• Robot Process Automation (RPA) software provides advanced macro-like capabilities that can be deployed at an enterprise or business unit level. In this case the robot is computer-coded software, which is used for automating repeatable and rule-based tasks. The robot is programmed to perform the sequence of steps that a human user does, e.g. downloading documentation and other data from agencies’ IT systems and organising the files for the transactions audited. The robot can interact with the same applications a human would use, but operates much faster and can be run at any time.

The focus of the Digital Agencies Audit pilot project is on the audit of the accounts and on the audit of the commitments and payments of the executive agencies, as well as substantive testing of the salaries. Consequently, the pilot covers both financial and compliance audit procedures. We identified suitable audit procedures and analysed them in detail. Most of these procedures could be automated by using DA, some others by combining DA and RPA. Naturally, the scope of the project is changing as it is developed and implemented, as new things are learned and assumptions are challenged and tested within the ECA project team. Some of the procedures cannot be automated at this stage, as they would require the use of artificial intelligence systems, which are still under development in auditing.

The first set of audit procedures implemented at the ECA are using DA. The objective is to run specific checks on the full population of transactions (e.g. payments) and to produce an exception report that will be followed up by the auditors on the spot. We will use RPA to prepare the documentation related to these exceptions, as far as it is available in the IT systems of the agencies.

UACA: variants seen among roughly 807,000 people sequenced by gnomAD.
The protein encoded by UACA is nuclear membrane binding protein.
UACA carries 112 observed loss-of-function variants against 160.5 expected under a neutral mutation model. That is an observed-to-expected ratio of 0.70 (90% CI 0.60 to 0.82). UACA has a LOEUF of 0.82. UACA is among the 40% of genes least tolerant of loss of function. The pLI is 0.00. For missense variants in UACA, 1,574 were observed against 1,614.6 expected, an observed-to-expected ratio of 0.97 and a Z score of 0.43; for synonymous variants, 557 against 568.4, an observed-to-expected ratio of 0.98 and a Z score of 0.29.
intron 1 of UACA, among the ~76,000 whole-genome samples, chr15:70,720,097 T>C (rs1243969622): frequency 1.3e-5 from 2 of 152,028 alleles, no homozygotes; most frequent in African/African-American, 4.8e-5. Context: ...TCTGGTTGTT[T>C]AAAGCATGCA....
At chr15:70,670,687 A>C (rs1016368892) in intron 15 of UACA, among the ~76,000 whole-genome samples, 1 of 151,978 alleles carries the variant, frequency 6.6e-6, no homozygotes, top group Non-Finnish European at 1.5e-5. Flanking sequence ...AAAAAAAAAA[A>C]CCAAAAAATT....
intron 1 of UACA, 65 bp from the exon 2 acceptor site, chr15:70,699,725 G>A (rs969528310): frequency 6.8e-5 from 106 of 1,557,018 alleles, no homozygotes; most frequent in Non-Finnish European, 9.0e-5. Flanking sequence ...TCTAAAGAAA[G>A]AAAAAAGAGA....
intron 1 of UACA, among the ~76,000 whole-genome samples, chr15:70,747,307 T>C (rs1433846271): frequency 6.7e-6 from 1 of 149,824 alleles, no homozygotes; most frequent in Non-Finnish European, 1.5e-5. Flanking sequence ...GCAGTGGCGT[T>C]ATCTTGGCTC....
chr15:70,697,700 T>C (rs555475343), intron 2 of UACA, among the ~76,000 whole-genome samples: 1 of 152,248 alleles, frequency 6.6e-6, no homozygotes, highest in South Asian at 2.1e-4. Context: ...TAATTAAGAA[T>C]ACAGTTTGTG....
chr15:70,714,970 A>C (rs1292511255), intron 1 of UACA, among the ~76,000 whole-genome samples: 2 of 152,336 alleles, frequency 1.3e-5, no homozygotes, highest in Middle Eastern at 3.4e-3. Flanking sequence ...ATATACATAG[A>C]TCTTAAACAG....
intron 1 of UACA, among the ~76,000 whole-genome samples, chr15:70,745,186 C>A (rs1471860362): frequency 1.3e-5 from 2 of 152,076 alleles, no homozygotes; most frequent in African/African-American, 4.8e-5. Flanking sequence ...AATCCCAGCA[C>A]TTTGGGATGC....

In the pilot phase (see Figure 1 for the different stages and status), many of these exceptions might not result in audit findings but rather may be linked to the algorithm(s) used for the checks. Our project team will analyse the results of this phase and will refine the checks to make them more reliable, if necessary. The auditors will also test the controls around the evidence to ascertain their authenticity and reliability.

Figure 1 — Pilot project stages and status

The Digital Agencies Audit pilot is scheduled ‘to go live’ in the six executive agencies in March 2020, in parallel with normal audit work. The results of the pilot, as well as the next steps, will be assessed and reported by mid-2020. This is the first wave and the lessons learned can be used for the next steps, which can hopefully be taken for the subsequent annual exercise. Possibilities we anticipate are that:

  • more audit procedures can be automated for the executive agencies;
  • the project can be extended to the decentralised EU agencies and/or the EU Joint Undertakings. It has to be noted, however, that the IT systems and administrative procedures of these bodies are less homogenous and that automated procedures would have to be tailored for groups of these entities;
  • the experience gained from this pilot project can contribute to automation of audit work for the ECA’s Statement of Assurance. However, given the extent of this task, a considerable effort still has to be made to analyse the thousands of underlying audit procedures, in order to identify those with potential for automation.

This pilot project is only the first step in a fundamental transformation process at the ECA and in leveraging the use of automation in its audit work. A key success factor in this digital transformation journey remains the strong commitment and close cooperation of all stakeholders involved — including auditees. Our ambition is to design business processes controlled by design to facilitate, and even automate, audit. Combining IT and digital working methods with auditors’ professional judgement promises to be the most successful way forward into the future.

This article was first published on the 1/2020 issue of the ECA Journal. The contents of the interviews and the articles are the sole responsibility of the interviewees and authors and do not necessarily reflect the opinion of the European Court of Auditors.



The ECA Journal features articles on a variety of current audit topics, the ECA’s role and work. It is available in electronic form below, and paper copies can be ordered online at the EU Bookshop.